Maumee Adapt Network
Number of Farms: 100
Number of Acres: ~8,000
Contact Information: Joe Nester of Nester Ag at firstname.lastname@example.org (419) 658-8866, or Karen Chapman of EDF at email@example.com (740) 363-8269.
Launched in 2008, the Maumee Adapt Network started with 25 farmers in northwest Ohio managing about 5,000 acres, and has grown to 86 farmers in Ohio and Indiana who collectively manage some 140,000 acres within the Maumee River watershed.
The Maumee watershed is the focus of efforts by the Chicago-based Joyce Foundation to address farmland runoff and soil nutrient leaching. The Maumee River is also part of the Western Basin of Lake Erie, which altogether encompasses almost 5 million acres. Lake Erie is the warmest, shallowest and most biologically productive of all the Great Lakes. Tourism, fishing and seaports associated with Lake Erie provide about $9 billion dollars annually to the region.
The Maumee River is the single largest contributor of sediments to Lake Erie. About 85% of the Maumee watershed is dedicated to producing corn, wheat, soybeans and other crops worth more than $1 billion annually. Most of the watershed (75%) is in Ohio, with smaller portions extending into Michigan and Indiana. Heavy, tight clay soils are predominate in this region, and getting nutrient management right here is key to farm profitability and water quality improvements.
Environmental Defense Fund (EDF), with grant money from the Joyce Foundation, is coordinating the Maumee Adapt Network, which involves producers from four Indiana counties and five Ohio counties. The Maumee River’s headwaters start in Fort Wayne Indiana, and the river runs from there through Napoleon and Defiance Ohio before discharging into Lake Erie at the port of Toledo. In 2008, the Joyce Foundation asked EDF to assess its work in the Western Lake Erie and Maumee River basin with an eye toward integrating additional, duplicable components. Since EDF had already successfully implemented the Bay Farms Adapt Network in the Chesapeake Bay watershed, the Maumee was a good fit to further expand the program.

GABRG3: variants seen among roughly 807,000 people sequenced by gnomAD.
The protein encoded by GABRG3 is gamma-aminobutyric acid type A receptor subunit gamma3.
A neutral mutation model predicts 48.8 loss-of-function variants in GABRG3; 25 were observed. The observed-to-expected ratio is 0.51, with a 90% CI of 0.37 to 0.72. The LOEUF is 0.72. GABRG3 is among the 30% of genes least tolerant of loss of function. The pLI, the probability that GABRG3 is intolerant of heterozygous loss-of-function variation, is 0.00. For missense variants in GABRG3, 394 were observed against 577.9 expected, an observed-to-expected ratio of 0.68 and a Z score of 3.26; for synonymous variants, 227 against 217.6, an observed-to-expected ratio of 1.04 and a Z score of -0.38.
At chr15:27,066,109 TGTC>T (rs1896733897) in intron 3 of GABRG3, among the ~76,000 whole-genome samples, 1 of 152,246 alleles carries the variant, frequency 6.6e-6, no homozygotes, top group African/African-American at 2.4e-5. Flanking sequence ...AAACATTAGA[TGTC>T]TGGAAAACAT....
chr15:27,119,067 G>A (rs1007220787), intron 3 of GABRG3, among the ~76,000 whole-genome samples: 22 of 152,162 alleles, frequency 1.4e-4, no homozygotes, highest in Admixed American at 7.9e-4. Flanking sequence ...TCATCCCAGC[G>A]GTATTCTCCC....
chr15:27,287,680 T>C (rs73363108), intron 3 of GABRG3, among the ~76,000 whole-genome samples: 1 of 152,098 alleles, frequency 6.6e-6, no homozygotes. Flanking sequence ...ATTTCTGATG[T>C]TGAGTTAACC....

Within the Maumee Adapt Network, EDF also leveraged an NRCS Conservation Innovation Grant (CIG), obtained in 2007, which provides funding for additional field-based nitrogen strip trials and CSNT sampling. The CIG has provided a beneficial direct link to NRCS and EQIP, as the goal of the CIG program is to try out and then incorporate into the broader EQIP program effective new conservation tools and approaches.
The Maumee Adapt Network also provides a venue to discuss phosphorus use and how to address the growing dissolved phosphorus problem in Ohio and other states – particularly a concern for Lake Erie. For example, farmers participating in the program conduct more extensive soil testing in order to gage nitrogen levels. Soil tests also reveal available phosphorus levels, and in some cases can show that very little or no additional phosphorus fertilizer is needed. The Adapt Network can demonstrate that no yield losses will occur if farmers do not apply phosphorus where soil P levels are sufficient to meet crop growth.